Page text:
The dollar index hovered near Friday’s peak of 94.302, a level not seen since Oct. 13
The dollar traded near a 2 1/2-week high to major peers on Monday as quickening inflation in the US boosted the case for earlier Federal Reserve interest rate hikes.
It approached a 1 1/2-week top to the yen after the Japanese currency weakened as a strong showing for the ruling party in weekend elections reduced political uncertainty.
The dollar index was little changed at 94.166, hovering near Friday’s peak of 94.302, a level not seen since Oct. 13.
The U.S. currency bought 114.175 yen, gaining 0.13% from the end of last week. Above 114.41 would be the strongest since Oct. 20, the day it hit a multi-year high of 114.695.
New Japanese Prime Minister Fumio Kishida’s ruling Liberal Democratic Party defied expectations and held its strong majority in Sunday’s parliamentary election, strengthening his position in a fractious party and allowing him to ramp up stimulus.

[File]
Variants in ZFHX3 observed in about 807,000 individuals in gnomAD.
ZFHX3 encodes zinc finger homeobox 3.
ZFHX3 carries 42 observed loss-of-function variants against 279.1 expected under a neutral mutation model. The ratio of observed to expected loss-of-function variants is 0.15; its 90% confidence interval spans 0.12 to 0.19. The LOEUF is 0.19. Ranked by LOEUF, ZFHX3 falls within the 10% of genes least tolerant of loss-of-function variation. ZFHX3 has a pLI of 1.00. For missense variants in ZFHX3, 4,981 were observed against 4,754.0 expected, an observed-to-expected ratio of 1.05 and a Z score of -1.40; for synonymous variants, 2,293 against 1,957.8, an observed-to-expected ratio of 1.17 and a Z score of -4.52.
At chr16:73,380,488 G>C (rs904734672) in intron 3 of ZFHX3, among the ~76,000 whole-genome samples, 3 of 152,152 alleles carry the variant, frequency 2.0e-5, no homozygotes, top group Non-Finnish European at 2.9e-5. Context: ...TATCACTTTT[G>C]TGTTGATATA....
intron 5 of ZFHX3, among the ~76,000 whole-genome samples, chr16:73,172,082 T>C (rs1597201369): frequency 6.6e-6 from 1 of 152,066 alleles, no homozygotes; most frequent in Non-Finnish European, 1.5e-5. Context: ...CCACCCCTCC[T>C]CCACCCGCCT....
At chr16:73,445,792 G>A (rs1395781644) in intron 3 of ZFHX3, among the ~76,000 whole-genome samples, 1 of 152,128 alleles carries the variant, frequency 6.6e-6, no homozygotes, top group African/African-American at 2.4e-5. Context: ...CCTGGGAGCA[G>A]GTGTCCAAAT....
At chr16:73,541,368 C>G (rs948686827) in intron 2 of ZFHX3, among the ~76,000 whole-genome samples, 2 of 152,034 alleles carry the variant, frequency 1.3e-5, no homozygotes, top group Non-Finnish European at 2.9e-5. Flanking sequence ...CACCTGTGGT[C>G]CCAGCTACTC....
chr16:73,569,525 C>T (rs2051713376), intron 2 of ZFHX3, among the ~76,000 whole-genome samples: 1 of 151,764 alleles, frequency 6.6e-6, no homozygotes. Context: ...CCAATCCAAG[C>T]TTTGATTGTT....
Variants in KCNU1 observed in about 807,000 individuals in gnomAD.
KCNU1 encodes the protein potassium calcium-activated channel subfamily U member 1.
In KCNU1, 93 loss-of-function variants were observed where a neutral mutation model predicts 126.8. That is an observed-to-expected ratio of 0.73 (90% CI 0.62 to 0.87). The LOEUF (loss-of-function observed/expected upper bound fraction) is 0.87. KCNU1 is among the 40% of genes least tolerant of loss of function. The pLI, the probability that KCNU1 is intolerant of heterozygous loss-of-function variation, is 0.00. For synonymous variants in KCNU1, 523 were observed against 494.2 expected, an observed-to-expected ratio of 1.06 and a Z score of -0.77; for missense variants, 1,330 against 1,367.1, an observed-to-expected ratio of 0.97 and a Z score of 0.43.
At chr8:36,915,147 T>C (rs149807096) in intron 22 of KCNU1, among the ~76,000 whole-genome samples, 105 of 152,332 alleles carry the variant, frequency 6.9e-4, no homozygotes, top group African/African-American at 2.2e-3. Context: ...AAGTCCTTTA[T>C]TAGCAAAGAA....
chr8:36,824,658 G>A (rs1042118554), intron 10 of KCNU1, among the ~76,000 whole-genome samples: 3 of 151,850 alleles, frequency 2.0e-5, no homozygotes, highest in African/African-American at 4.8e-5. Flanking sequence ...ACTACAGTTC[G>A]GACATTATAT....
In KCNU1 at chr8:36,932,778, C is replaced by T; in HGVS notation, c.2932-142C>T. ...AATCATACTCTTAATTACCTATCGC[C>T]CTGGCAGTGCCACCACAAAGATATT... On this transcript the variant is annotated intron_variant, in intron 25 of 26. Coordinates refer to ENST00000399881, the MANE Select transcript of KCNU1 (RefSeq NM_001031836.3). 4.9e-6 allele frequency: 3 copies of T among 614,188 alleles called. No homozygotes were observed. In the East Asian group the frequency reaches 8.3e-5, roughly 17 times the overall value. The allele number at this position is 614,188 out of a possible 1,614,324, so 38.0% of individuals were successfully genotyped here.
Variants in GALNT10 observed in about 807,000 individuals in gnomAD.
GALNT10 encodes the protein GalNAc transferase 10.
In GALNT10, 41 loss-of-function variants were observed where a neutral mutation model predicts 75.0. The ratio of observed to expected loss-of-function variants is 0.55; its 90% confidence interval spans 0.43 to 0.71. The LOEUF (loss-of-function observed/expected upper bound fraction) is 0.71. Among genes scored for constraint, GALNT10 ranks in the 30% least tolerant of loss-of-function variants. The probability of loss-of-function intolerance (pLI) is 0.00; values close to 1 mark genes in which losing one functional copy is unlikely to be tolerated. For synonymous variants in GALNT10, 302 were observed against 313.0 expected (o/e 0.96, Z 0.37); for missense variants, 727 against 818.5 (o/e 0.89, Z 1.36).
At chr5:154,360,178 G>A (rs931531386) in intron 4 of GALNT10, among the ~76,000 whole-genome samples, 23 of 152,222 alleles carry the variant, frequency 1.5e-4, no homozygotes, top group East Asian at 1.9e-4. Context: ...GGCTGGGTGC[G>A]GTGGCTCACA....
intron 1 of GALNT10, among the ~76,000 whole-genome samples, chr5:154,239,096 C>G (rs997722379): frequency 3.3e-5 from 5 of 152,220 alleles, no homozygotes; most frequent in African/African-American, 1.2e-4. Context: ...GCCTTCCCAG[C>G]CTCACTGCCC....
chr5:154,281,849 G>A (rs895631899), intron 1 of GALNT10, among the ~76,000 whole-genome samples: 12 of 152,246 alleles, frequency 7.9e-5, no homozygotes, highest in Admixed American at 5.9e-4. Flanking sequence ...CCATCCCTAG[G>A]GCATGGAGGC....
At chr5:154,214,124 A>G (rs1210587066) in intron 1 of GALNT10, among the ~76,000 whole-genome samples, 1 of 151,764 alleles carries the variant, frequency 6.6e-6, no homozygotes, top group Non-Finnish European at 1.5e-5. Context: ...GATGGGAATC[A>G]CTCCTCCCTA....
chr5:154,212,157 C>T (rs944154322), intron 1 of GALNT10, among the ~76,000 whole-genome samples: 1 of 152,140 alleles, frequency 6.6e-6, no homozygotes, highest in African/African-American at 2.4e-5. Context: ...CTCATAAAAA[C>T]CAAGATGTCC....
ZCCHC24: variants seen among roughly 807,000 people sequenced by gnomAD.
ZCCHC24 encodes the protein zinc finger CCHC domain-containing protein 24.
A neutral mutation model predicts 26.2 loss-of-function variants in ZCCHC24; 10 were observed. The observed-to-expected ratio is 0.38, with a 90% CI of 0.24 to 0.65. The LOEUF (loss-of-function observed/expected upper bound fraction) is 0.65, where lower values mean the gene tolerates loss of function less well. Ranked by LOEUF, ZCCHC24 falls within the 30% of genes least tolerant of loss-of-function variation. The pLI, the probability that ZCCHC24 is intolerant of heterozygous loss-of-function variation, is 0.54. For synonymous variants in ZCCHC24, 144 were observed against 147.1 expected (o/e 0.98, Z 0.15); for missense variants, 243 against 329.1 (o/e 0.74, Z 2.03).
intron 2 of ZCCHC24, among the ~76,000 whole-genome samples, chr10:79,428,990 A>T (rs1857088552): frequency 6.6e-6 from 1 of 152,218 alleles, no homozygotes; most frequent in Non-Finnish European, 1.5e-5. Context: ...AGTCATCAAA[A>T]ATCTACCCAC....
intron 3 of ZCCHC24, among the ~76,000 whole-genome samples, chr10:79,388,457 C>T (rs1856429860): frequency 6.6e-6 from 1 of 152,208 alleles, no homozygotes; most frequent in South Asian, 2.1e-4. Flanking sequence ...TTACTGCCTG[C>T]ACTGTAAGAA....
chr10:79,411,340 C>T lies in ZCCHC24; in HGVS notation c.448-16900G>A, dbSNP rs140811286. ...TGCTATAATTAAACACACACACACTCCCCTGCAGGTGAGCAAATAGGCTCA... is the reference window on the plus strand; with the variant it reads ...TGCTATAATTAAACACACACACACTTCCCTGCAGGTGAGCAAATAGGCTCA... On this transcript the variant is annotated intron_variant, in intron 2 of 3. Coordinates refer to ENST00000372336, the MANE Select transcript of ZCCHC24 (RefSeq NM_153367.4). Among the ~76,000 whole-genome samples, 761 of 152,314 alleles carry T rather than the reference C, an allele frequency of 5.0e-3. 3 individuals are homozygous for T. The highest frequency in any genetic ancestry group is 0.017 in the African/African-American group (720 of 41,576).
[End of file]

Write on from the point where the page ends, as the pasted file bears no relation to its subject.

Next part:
The reduction in political uncertainty is playing out with slight yen weakness this morning, said Shinichiro Kadota, senior FX strategist at Barclays in Tokyo. The bigger driver of dollar-yen direction going ahead remains the Fed.
Monetary policy in the US and elsewhere is in focus this week, with the Federal Open Market Committee (FOMC) expected to announce a tapering of stimulus on Wednesday.
A 4.4% surge in the government’s index of core personal consumption expenditures – the Fed’s preferred inflation measure – strengthened market expectations for a rates lift-off around the middle of next year.
Following the data, futures on the fed funds rate, which track short-term rate expectations, priced in a 90% chance of quarter-point tightening by June 2022, factoring in another rate increase by December.
This article is for information purposes only.
Please remember that financial investments may rise or fall and past performance does not guarantee future performance in respect of income or capital growth; you may not get back the amount you invested.
There is no obligation to purchase anything but, if you decide to do so, you are strongly advised to consult a professional adviser before making any investment decisions.